>In the dressing room of a mall store, I once heard a woman say to her friend in the middle of discussing the pitfalls of clothing stores, “Jane and John are having problems. They’re seeing a marriage counselor.” The serious turn in the conversation caught my attention. I made a point to remember it and wrote it down first chance I got. There are many moments like this – moments that could be scenes in a story or at least a place to begin – in everyday life. So let’s look at 6 easy, effective ways to find them.
1. Listen to and watch the people around you.
Observing others can easily fill your notebook with ideas. Once while stopped at a traffic light, I saw a guy walk across the street holding his shoes but still wearing his socks. Why did he take his shoes off? Why didn’t he take off his socks? Where was he heading and how far? Lots of questions that could lead to a story.
You’re surrounded by people all the time. At work, school, the market, the department store, the coffee shop. Do all these people have something to offer? Absolutely! Train your ears and eyes to pay attention to people. You never know when they’ll say or do something intriguing. Watch how they interact, what they do while talking, how they eat, what they buy, who they’re with when they buy it. If you do, you will have plenty of interesting things to add to your notebook.
2. Listen to the experiences of others.
Grandparents and other relatives may have hidden gems in their past. Ask questions. Get people talking. In the midst of an entirely normal conversation you may find something to use in your writing.
3. Remember your own experiences.
Reliving the past through writing exercises and prompts can lead to interesting discoveries. You may find characters for stories or events to place them in. Flannery O’Connor once remarked that living for 18 years provided enough experiences to write for a lifetime. No matter how old or young you are, you have plenty to pull from in your own past. Just spend a little time exploring it.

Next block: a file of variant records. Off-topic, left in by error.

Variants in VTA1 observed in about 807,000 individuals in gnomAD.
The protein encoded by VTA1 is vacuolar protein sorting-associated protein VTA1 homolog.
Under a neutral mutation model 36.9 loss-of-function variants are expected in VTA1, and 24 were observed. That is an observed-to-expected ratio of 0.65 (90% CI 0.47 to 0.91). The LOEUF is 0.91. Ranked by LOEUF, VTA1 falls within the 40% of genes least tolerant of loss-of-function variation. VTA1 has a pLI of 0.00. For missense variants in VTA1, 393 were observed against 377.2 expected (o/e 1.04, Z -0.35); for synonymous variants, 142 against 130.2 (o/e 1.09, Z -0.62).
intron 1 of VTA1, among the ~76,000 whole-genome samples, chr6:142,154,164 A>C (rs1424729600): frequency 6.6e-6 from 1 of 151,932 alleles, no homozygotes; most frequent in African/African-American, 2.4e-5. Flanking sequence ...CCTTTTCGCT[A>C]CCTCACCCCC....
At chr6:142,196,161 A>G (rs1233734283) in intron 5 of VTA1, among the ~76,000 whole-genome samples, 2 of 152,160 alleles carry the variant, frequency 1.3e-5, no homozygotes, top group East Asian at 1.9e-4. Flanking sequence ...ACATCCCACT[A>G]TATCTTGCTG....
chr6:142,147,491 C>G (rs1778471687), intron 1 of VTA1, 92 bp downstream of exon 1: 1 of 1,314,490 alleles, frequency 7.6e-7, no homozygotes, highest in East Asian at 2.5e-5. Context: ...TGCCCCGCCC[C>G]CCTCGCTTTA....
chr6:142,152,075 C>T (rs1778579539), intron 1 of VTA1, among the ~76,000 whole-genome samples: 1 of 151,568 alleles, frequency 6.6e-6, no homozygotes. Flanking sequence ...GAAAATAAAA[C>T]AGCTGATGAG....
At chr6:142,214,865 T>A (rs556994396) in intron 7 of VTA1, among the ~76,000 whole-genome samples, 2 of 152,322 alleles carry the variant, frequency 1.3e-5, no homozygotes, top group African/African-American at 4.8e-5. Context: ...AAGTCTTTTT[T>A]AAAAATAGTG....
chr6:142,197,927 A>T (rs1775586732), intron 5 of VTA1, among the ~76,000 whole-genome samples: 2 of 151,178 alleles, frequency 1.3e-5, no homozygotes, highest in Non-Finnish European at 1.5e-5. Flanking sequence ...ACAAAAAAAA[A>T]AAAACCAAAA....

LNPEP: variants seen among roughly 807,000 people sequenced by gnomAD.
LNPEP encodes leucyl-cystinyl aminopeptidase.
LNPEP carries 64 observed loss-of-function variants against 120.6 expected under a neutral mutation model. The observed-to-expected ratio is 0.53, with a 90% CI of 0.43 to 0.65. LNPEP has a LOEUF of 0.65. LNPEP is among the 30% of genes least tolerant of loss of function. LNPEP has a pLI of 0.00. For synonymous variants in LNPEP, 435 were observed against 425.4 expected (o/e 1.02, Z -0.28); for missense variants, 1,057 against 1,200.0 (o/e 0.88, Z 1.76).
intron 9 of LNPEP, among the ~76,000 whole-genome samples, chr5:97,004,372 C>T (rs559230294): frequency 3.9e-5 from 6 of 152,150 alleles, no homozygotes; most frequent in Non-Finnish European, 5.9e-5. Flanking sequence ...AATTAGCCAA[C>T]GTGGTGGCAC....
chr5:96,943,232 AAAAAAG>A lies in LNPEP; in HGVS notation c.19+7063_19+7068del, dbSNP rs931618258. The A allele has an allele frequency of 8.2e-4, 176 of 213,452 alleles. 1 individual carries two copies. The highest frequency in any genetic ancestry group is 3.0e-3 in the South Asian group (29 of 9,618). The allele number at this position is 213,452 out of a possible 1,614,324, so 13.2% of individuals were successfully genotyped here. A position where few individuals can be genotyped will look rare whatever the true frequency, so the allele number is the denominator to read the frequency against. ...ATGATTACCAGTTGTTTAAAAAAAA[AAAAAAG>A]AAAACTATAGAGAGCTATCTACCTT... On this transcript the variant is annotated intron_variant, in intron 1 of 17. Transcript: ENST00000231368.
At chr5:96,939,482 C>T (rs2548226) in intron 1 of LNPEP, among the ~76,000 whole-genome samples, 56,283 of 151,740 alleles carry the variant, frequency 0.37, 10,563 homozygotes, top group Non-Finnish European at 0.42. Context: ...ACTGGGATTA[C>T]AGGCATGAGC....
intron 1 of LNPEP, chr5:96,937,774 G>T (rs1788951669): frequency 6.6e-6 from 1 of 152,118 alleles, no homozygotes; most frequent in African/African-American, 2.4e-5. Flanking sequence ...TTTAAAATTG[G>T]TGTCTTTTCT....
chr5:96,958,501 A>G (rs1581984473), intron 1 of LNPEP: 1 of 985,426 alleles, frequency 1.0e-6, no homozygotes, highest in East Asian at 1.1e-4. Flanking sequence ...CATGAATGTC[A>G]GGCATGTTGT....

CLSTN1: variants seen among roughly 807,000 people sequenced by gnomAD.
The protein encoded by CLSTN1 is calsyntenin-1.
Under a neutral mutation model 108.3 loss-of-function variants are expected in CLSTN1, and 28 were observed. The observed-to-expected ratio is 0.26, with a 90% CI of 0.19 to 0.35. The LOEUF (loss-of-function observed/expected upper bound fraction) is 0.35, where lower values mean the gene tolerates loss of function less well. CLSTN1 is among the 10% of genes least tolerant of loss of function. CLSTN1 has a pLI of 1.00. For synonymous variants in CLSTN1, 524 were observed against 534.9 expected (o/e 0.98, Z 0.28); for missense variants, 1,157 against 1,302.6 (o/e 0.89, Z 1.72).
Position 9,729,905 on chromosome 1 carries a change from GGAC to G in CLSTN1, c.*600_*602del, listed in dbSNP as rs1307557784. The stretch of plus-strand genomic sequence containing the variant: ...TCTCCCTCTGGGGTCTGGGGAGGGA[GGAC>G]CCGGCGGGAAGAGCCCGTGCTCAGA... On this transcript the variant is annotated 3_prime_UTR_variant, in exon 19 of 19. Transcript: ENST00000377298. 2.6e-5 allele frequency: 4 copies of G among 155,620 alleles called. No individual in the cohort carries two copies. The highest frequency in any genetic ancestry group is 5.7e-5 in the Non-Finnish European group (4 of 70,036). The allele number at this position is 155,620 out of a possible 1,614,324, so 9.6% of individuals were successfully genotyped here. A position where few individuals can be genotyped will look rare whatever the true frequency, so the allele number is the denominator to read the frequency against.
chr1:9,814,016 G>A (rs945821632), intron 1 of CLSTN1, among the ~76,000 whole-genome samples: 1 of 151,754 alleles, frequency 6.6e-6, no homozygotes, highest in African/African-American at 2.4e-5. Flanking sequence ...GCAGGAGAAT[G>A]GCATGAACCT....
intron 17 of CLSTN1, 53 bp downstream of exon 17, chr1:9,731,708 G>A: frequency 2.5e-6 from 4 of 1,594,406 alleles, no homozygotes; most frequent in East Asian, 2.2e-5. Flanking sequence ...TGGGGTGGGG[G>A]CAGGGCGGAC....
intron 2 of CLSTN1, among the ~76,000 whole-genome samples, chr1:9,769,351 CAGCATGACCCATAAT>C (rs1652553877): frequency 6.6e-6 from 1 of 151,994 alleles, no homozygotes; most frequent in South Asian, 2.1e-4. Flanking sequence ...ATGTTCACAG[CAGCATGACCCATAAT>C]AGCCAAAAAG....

4. Write about your travels.
Whether you go near or far, write about the places you visit – in detail. Write down what the houses look like, how people live, what you smell when you take a walk. Write it down as you go, or take time to write it later. You won’t remember things as vividly as time goes by so write all the details you can while it’s still fresh in mind.
5. Learn new things.
What else are you interested in? Develop that interest. Between magazines, books, television, and the Internet, there is an abundance of education out there. Find something that interests you and go with it. I love history (especially certain periods) and I watch and read pretty much anything I find related to it. Because of that I have a lot of interesting tidbits I would never have found otherwise.
6. Read or watch the news.
I’ve gotten a lot of ripe ideas from news reports. There’s a lot of weird stuff that goes on, as well as surprising and just plain intriguing. So while a lot of it may seem plain, paying attention can lead to original ideas.
In short, write down anything that strikes you, no matter how small. You never know where it will lead. So use one of these suggestions or all six of them and you will find more than enough ideas.
Next week: So now that you have an idea, how do you develop it? I’ll explore some effective brainstorming techniques to get your ideas moving.
As you go about life this week, make a conscious effort to listen and watch wherever you are. Your goal: Fill one standard notebook page with observations: a conversation between a mother and daughter, an interesting group across from you at a restaurant, or that decorated VW Beetle you parked next to. Pay attention to the details, and you may fill it and then some.